Step 1 — Kefir
Now, I make 2 cups of kefir ever day with two pecan-size florets of kefir grains. My room temperature is 74F, and it takes about 24 hours for milk to ferment. I gently stir milk 2 or 3 times during that period to disturb the cloud of fermented milk that is forming around the grains as they eat, so they have access to more lactose in the rest of the milk. Another jar with 2 cups of milk and 4 kefir grains florets is stored in my vegetable refrigerator at 45F. Kefir grains are supposed to be barely active there, and I change milk for them every 5 days. At the end of the fermentation process, I strain kefir and refrigerate it. What is not consumed as a drink during the week, becomes an ingredient for fresh cheese.
I am very grateful to all artisanal kefir enthusiasts, who generously share the culture “grains” and their knowledge and experience of using them with everybody interested!
Step 2 — Kefir Fresh Cheese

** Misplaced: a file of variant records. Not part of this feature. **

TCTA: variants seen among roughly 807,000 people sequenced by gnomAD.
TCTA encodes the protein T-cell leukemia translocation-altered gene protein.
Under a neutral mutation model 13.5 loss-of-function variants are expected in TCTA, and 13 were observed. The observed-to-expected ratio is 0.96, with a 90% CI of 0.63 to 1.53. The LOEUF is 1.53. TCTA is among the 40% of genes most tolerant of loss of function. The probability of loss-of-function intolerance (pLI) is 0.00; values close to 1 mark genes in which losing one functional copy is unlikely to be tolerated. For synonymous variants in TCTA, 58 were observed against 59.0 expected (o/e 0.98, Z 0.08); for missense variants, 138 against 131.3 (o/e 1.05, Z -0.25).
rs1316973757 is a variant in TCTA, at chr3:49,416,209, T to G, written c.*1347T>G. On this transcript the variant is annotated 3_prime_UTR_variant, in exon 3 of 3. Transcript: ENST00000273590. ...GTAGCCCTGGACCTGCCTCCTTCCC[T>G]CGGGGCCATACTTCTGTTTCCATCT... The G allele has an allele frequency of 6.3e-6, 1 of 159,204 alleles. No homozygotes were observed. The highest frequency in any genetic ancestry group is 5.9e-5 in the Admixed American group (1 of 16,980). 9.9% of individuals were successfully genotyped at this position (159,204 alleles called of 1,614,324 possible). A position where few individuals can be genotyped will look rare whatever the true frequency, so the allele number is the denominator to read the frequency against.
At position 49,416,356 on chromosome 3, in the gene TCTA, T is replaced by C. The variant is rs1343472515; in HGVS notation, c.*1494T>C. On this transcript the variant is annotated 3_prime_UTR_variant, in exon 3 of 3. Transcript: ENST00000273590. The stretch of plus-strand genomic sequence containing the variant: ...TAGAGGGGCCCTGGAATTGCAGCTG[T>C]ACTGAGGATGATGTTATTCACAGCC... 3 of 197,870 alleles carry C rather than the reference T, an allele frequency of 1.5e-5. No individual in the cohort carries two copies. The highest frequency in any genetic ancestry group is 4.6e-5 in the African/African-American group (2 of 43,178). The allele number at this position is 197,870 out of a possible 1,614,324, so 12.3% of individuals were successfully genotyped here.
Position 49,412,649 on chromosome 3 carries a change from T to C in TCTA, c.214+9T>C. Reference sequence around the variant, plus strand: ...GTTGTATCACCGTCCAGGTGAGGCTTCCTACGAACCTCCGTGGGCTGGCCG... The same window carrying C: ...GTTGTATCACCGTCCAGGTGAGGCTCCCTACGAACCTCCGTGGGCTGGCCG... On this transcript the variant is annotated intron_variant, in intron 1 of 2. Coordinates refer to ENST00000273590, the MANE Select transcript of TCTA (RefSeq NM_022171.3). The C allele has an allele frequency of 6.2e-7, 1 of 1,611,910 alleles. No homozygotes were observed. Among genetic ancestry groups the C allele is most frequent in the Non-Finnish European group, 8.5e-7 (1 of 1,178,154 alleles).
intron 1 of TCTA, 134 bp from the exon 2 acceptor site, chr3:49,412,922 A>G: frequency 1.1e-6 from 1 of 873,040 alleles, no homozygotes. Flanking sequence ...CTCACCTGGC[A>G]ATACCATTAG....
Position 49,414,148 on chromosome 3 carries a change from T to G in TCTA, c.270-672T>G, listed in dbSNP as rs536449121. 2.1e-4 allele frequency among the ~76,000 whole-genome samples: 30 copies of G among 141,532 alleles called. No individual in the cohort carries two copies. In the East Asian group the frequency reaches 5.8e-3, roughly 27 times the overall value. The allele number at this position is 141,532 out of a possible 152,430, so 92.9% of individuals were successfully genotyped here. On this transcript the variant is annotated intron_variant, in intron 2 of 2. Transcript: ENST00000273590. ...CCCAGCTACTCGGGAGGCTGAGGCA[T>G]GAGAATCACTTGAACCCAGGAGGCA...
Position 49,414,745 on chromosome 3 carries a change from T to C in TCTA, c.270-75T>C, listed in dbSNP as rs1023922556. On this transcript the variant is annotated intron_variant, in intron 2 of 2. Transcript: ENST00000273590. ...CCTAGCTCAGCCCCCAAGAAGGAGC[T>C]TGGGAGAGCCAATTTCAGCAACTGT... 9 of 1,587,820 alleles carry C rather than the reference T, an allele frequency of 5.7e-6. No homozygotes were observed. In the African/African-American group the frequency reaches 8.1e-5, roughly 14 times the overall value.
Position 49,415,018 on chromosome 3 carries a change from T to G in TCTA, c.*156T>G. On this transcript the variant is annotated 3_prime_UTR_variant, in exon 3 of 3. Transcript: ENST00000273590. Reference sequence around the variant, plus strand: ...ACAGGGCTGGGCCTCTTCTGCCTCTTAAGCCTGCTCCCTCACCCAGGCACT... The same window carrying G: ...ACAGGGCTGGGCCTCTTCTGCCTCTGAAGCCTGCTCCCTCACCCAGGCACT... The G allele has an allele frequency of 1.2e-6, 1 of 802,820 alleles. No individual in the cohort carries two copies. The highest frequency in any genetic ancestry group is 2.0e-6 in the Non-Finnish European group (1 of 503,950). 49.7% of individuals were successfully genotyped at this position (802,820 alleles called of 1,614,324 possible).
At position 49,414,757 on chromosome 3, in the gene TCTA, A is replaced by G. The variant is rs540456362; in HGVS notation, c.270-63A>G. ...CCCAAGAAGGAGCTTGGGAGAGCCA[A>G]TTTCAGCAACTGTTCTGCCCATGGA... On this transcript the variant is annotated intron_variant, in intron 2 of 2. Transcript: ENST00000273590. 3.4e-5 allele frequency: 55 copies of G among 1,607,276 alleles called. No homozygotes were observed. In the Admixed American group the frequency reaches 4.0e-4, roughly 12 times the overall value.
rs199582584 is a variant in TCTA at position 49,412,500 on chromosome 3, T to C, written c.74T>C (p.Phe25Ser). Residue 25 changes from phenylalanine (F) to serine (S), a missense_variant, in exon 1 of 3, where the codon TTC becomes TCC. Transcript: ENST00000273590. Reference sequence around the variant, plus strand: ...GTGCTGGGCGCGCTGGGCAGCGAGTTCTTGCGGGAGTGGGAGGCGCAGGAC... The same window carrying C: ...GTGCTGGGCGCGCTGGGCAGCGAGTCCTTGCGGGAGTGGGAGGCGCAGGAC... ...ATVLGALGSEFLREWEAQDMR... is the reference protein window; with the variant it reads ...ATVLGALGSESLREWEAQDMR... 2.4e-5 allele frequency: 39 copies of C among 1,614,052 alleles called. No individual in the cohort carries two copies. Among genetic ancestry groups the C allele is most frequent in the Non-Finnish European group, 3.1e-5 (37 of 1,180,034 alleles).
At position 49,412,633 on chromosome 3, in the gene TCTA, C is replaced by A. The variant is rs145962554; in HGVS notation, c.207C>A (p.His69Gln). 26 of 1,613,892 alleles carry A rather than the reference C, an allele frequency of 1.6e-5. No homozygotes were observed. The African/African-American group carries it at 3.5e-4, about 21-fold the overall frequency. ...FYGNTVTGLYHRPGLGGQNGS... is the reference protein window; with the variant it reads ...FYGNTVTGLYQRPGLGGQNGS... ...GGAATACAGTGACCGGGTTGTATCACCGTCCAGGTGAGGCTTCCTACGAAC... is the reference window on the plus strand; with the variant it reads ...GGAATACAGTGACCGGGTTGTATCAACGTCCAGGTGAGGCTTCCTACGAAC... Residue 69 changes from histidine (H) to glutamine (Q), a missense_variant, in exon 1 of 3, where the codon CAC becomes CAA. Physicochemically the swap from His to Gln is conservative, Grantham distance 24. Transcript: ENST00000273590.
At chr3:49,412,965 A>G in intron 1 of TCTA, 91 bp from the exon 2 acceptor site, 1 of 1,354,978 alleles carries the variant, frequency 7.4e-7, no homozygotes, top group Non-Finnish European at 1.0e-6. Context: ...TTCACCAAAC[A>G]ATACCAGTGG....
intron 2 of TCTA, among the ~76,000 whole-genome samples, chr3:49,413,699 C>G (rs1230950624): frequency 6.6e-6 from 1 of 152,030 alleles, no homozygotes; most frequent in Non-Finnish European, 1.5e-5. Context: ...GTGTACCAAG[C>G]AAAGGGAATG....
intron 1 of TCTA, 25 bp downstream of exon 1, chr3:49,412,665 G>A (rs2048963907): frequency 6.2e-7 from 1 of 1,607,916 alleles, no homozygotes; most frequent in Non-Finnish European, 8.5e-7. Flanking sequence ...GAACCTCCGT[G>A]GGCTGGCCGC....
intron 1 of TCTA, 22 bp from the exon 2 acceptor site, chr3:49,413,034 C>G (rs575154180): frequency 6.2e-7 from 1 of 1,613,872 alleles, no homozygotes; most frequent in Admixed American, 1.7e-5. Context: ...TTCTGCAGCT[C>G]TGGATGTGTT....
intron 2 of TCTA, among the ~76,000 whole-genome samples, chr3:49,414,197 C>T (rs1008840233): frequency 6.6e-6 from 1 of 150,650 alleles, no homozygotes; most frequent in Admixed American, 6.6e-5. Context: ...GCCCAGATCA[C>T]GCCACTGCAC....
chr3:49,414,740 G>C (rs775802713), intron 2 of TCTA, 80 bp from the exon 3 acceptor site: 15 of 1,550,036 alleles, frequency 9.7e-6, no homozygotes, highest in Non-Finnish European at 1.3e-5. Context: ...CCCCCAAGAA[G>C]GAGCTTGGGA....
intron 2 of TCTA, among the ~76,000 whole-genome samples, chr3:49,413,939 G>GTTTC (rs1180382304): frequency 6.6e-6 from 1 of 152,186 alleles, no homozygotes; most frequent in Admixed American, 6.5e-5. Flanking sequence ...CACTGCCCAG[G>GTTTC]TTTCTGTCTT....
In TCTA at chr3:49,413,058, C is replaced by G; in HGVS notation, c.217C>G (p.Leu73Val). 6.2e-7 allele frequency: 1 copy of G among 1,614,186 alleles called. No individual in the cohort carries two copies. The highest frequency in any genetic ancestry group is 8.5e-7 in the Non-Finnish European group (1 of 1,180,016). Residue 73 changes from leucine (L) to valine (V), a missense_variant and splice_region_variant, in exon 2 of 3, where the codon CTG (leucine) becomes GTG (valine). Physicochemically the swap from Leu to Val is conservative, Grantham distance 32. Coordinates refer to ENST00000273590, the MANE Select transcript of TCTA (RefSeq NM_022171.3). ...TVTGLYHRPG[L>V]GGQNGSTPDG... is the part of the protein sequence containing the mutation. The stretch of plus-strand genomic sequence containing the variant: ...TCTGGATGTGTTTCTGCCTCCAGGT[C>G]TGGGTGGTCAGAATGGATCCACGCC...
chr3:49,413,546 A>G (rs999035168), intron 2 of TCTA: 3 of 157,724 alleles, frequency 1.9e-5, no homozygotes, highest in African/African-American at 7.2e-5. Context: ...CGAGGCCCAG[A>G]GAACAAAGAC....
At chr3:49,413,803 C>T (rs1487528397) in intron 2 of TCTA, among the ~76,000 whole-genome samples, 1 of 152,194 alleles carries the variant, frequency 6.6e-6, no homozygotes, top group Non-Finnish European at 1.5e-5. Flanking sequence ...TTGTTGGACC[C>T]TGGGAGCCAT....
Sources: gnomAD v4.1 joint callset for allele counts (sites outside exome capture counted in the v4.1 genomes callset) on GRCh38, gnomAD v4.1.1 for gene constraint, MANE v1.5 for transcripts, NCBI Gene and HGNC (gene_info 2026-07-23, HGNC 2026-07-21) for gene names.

Traditionally, raw milk is placed in a warm place (24-26C/75-78F) for 24-48 hours to ferment by naturally present lactic acid bacteria. To start the process of fermentation in pasteurized milk, we need to add mesophilic Lactococcus starter cultures. To make kefir cheese, add kefir grains to a room temperature milk. When fermented, slowly heat kefir in a water bath to 50-55C/122-131F to coagulate (curdle) milk proteins. Strain separated whey, and your cheese is ready to eat. It can be stored in a refrigerator for up to 3 days. Kefir cheese or tvorog can be used as an ingredient in sweet and savory dishes. For desserts, sugar, vanilla, and raisins are often added to the cheese. To enjoy authentic flavors, try serving it as is with a little bit of good honey on top.